Top Player in the History of Every Major League Baseball Team
Is Chase Utley the Greatest Philadelphia Phillie of All Time?
As of now, no. That title goes to Mike Schmidt, and after Schmidt there are probably at least three other players—Ed Delahanty, Steve Carlton, and Pete Alexander—ahead of him on the list, to say nothing of current teammates Jimmy Rollins, Ryan Howard, and maybe one day, Roy Halladay.
Just to see where we stand, here is a Major League Baseball-wide look at the greatest player in the history of each franchise.
New York Yankees: Babe Ruth
Ruth is generally considered the greatest player in the history of baseball, so calling him the greatest Yankee of all time should be without controversy.
Boston Red Sox: Ted Williams
If not for his time missed for World War II and the Korean War, we wouldn't be asking whether Williams was the greatest player on the Red Sox of all time, but rather whether he was the greatest player of all time, period.
Toronto Blue Jays: Carlos Delgado
Delgado is by far Toronto's best hitter of all time, and neither Dave Stieb, Jimmy Key, Roy Halladay, nor Tom Henke pitched long enough for the Blue Jays to out-maneuver Delgado from the top spot.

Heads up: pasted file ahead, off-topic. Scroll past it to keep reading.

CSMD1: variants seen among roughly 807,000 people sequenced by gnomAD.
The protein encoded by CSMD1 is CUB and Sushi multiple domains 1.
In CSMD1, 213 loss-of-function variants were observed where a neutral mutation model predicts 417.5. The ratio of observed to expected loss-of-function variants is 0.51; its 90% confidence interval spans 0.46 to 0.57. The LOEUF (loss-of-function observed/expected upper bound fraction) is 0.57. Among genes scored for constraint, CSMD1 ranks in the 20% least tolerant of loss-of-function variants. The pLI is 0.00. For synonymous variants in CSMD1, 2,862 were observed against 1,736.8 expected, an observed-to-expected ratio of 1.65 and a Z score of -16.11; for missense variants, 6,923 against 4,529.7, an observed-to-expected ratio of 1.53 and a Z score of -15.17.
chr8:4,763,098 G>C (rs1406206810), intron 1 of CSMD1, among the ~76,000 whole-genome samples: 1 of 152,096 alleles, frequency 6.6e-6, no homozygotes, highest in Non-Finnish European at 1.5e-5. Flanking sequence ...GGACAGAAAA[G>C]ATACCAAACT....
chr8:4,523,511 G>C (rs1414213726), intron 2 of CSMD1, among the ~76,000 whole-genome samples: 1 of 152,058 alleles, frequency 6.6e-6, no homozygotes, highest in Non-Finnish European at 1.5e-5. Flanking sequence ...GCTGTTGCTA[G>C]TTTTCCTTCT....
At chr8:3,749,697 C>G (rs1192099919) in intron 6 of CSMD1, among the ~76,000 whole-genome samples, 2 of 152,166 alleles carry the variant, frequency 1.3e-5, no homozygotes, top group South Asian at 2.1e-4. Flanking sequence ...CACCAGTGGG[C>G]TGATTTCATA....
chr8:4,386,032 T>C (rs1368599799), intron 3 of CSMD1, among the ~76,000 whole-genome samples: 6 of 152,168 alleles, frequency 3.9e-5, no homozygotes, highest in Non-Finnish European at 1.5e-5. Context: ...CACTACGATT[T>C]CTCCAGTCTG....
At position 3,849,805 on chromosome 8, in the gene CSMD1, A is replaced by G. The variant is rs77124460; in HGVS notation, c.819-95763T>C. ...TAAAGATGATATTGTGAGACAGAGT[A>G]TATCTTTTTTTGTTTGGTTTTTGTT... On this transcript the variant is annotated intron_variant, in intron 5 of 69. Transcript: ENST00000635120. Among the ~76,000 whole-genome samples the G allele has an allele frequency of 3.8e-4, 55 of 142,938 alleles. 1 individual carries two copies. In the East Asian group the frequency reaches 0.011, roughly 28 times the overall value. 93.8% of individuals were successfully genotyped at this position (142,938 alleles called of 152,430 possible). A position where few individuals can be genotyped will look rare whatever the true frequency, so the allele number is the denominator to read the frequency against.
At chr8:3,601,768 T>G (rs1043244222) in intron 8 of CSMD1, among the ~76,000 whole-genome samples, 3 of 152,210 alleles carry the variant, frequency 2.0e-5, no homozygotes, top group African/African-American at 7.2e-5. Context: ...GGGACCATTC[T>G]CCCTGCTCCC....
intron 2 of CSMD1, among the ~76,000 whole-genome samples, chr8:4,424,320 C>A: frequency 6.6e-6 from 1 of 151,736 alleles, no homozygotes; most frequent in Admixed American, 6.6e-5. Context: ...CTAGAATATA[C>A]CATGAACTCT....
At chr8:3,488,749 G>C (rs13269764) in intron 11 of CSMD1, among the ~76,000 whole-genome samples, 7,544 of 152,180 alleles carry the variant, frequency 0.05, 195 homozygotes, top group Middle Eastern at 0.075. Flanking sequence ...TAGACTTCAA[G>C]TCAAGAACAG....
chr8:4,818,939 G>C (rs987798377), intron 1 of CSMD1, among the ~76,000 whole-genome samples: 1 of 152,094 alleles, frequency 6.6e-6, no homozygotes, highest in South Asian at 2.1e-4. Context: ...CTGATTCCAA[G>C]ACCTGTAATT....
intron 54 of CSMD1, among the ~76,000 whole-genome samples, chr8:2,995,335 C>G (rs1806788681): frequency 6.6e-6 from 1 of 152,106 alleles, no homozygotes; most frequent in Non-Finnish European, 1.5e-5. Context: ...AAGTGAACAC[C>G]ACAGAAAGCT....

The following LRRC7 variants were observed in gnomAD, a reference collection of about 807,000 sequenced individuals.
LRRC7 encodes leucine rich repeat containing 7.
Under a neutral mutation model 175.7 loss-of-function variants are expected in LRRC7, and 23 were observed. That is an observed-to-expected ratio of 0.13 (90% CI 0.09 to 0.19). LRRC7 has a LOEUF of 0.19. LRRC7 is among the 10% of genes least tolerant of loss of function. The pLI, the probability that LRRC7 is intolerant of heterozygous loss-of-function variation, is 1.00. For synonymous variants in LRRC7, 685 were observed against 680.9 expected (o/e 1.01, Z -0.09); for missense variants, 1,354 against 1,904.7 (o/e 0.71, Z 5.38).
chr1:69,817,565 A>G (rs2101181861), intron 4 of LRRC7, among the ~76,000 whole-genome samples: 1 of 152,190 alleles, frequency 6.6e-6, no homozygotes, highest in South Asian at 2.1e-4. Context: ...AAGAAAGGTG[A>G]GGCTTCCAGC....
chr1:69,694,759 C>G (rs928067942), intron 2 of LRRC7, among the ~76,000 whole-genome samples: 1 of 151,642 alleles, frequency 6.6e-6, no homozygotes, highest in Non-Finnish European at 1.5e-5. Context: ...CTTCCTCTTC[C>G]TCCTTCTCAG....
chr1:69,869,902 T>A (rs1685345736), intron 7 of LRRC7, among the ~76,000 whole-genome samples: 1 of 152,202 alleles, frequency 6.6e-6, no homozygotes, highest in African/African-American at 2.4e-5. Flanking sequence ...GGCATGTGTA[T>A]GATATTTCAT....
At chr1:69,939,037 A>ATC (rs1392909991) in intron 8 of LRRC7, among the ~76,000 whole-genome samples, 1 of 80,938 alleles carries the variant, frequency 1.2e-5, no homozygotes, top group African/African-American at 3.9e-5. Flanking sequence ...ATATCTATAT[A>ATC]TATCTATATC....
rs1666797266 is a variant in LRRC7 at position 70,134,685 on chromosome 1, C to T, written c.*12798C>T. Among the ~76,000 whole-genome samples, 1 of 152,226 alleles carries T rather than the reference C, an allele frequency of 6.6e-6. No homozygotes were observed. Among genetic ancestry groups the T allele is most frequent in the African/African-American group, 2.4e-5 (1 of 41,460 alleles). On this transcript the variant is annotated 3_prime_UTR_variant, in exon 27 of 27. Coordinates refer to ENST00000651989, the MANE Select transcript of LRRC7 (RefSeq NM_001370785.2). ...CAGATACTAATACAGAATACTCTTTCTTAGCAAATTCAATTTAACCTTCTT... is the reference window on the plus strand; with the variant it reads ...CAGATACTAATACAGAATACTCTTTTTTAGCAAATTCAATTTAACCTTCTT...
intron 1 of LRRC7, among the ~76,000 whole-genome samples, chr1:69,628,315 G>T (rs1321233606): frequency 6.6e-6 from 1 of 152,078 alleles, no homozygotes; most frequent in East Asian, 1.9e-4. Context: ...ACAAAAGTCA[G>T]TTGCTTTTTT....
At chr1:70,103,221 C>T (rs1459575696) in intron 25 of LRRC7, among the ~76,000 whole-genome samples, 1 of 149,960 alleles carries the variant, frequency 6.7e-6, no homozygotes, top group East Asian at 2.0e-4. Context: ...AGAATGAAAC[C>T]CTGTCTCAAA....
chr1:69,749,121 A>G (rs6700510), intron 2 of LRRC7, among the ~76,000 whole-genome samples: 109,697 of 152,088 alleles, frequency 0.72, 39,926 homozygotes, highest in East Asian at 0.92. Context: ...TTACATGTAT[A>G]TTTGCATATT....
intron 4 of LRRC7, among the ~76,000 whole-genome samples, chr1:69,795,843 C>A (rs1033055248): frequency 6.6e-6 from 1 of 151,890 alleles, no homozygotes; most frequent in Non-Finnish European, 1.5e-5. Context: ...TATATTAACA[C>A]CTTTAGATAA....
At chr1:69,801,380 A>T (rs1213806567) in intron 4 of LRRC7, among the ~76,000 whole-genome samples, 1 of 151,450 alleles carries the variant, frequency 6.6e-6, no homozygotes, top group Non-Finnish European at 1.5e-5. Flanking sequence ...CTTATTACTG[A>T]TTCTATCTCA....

Baltimore Orioles: Brooks Robinson
The greatest defensive third baseman of all time with occasional pop in his bat, Robinson was the face of the Orioles defense that helped produce so many great pitching seasons.
Tampa Bay Rays: Carl Crawford
When you've been around for 12 years and one of your players has been with you for nine of them, it is hard to escape the conclusion that he is your franchise player.
Maybe one day Evan Longoria or B.J. Upton will take Crawford's spot, but we'll just have to let them fight that one out on their own.
Cleveland Indians: Bob Feller
It just so happens that players don't tend to spend their entire careers with the Indians, so Bob Feller's 18 seasons in Cleveland—minus almost four complete seasons sacrificed for World War II—make him a no-brainer over guys like Tris Speaker, Early Wynn, Bob Lemon, Manny Ramirez, Jim Thome, and Albert Belle.
Plus, if you give Bob those war years back, the "Greatest Pitcher of All Time" conversation may end up starting and ending with him.
Detroit Tigers: Ty Cobb
Cobb is one of the top five hitters of all time. That puts him ahead of Cecil Fielder and Rob Deer on the list of Tigers all-time greats.
Kansas City Royals: George Brett
Hey George, calm down—no one said Hal McRae or Frank White were the Greatest Royals of All Time.
Minnesota Twins: Walter Johnson
OK, so Johnson was never a Minnesota Twin. The greatest Twin of all time was probably Harmon Killebrew, and may one day be Joe Mauer. But the greatest player in the history of this franchise is no doubt Walter Johnson, the greatest pitcher of all time.